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UC Merced Expert: Forest Thinning Could Free Up Water, Reduce Fire Risk

Joe Moore
Valley Public Radio
UC Merced scientists say thinning overgrown Sierra forests to the density of around 100 years ago could free up as much as 1 million additional acre feet of water a year. (file photo)

Forest managers throughout California say that thinning forests to a more natural state is a good way to reduce the severity of wildfires. Now scientists suggest that it also could offer help in saving water in the drought. 

Researchers at UC Merced think that thinning overgrown forests throughout the Sierra could result in as much as a million acre feet of extra water each year for the state. That’s enough water to fill Pine Flat Lake on the Kings River east of Fresno.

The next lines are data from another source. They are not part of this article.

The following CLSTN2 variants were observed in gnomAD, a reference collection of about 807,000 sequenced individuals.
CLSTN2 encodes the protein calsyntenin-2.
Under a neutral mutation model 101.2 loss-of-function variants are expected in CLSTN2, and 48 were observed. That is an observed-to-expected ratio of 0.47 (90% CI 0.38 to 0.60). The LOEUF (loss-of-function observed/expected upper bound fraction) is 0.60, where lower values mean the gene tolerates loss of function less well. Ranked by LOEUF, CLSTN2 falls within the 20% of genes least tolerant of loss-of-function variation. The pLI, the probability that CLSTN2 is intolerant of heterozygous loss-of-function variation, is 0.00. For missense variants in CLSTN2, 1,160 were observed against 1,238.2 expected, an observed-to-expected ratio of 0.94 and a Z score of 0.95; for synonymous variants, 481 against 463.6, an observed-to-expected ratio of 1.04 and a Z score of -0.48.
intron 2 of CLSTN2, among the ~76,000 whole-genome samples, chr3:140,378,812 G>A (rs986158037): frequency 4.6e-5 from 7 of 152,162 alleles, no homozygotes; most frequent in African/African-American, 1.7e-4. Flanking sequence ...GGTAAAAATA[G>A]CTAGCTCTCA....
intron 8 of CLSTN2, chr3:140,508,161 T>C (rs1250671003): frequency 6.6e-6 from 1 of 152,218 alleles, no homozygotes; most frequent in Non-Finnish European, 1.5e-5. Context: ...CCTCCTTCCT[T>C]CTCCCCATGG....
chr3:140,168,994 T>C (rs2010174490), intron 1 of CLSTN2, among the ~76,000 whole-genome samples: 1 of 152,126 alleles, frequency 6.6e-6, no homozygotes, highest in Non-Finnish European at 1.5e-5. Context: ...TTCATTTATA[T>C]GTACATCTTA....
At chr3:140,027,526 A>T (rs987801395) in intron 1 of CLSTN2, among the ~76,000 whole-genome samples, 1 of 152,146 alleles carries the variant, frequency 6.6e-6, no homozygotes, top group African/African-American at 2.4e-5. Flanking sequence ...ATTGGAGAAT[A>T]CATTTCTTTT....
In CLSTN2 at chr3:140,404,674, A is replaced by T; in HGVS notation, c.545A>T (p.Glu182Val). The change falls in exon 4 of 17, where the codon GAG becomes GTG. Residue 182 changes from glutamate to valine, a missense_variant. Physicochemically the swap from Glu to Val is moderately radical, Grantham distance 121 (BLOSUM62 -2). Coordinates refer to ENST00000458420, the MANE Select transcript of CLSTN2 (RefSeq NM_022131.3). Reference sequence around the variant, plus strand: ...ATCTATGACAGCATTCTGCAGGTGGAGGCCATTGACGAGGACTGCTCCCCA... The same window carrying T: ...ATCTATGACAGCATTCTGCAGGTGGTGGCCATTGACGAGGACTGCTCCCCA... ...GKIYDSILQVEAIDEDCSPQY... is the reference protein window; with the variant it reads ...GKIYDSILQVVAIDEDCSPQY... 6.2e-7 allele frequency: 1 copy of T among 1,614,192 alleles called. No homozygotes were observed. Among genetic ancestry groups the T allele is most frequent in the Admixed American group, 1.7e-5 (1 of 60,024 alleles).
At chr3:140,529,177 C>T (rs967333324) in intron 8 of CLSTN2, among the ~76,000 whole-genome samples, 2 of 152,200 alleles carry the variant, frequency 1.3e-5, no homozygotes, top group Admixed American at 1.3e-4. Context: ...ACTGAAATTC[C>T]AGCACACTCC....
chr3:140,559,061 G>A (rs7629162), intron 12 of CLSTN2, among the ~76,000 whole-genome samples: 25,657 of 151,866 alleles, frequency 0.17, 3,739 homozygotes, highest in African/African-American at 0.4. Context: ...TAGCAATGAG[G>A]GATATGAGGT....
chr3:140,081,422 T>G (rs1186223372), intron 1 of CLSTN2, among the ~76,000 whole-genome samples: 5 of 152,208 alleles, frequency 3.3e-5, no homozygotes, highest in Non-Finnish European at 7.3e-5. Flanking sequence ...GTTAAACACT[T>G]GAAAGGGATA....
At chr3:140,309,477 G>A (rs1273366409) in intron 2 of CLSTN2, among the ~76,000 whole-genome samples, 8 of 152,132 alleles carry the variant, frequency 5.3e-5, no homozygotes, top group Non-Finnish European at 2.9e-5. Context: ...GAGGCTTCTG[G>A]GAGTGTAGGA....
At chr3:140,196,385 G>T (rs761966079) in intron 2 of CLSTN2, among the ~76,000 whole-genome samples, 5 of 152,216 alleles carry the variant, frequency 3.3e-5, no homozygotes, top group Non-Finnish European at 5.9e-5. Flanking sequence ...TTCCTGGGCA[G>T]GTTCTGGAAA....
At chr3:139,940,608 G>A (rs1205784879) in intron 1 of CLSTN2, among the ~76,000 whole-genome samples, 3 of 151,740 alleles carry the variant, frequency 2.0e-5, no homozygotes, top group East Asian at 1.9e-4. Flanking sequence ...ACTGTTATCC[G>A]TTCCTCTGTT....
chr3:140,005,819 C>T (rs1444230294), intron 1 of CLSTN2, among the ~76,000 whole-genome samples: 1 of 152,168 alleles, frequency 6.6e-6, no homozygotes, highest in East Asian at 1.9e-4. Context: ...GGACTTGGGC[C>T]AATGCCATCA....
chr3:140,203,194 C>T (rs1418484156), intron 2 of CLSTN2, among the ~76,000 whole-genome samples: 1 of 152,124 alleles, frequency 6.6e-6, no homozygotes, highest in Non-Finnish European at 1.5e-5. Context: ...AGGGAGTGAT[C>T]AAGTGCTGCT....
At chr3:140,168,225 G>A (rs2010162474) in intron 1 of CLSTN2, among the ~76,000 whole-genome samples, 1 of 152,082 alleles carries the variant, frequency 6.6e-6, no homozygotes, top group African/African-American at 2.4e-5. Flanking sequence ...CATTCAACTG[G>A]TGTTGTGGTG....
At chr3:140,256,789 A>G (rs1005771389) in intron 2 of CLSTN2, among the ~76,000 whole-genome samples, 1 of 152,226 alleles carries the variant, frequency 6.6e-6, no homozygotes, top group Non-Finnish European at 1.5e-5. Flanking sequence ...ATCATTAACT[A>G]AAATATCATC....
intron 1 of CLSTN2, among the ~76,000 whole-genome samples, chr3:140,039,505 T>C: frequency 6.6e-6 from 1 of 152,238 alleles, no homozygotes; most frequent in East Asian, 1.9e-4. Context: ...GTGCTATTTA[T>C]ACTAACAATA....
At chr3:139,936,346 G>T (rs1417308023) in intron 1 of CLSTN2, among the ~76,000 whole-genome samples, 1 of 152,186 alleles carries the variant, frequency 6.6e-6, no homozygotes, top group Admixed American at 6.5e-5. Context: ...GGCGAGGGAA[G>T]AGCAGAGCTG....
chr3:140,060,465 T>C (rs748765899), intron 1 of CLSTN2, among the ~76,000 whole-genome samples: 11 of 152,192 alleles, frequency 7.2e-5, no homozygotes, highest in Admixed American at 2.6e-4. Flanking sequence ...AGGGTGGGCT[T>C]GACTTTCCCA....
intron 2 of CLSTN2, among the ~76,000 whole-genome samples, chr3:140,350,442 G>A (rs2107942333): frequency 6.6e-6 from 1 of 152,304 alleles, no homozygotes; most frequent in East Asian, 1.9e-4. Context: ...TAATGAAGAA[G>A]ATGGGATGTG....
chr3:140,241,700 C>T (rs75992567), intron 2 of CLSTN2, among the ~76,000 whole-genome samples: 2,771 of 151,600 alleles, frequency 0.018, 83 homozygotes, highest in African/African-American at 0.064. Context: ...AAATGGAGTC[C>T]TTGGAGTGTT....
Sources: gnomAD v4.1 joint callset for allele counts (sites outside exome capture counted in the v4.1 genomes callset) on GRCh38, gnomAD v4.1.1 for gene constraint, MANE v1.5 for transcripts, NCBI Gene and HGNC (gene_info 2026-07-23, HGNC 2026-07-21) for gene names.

Roger Bales is the director of the Sierra Nevada Research Institute at UC Merced. He says years of fire suppression have left much of the Sierra overgrown with small trees that consume a lot of water.

Bales says a team of UC researchers are currently studying the issue with the US Forest Service in the American River Basin and in the Sierra National Forest near Yosemite. 

Joe Moore is the President and General Manager of Valley Public Radio. During his tenure, he's helped lead the station through major programming changes and the COVID-19 pandemic, while maintaining the station's financial health. From 2010-2018 he served as the station's Director of Program Content. In that role, he also served as the host of Valley Edition, and helped launch and grow the station's award-winning local news department. He is a Fresno native and a graduate of California State University, Fresno.
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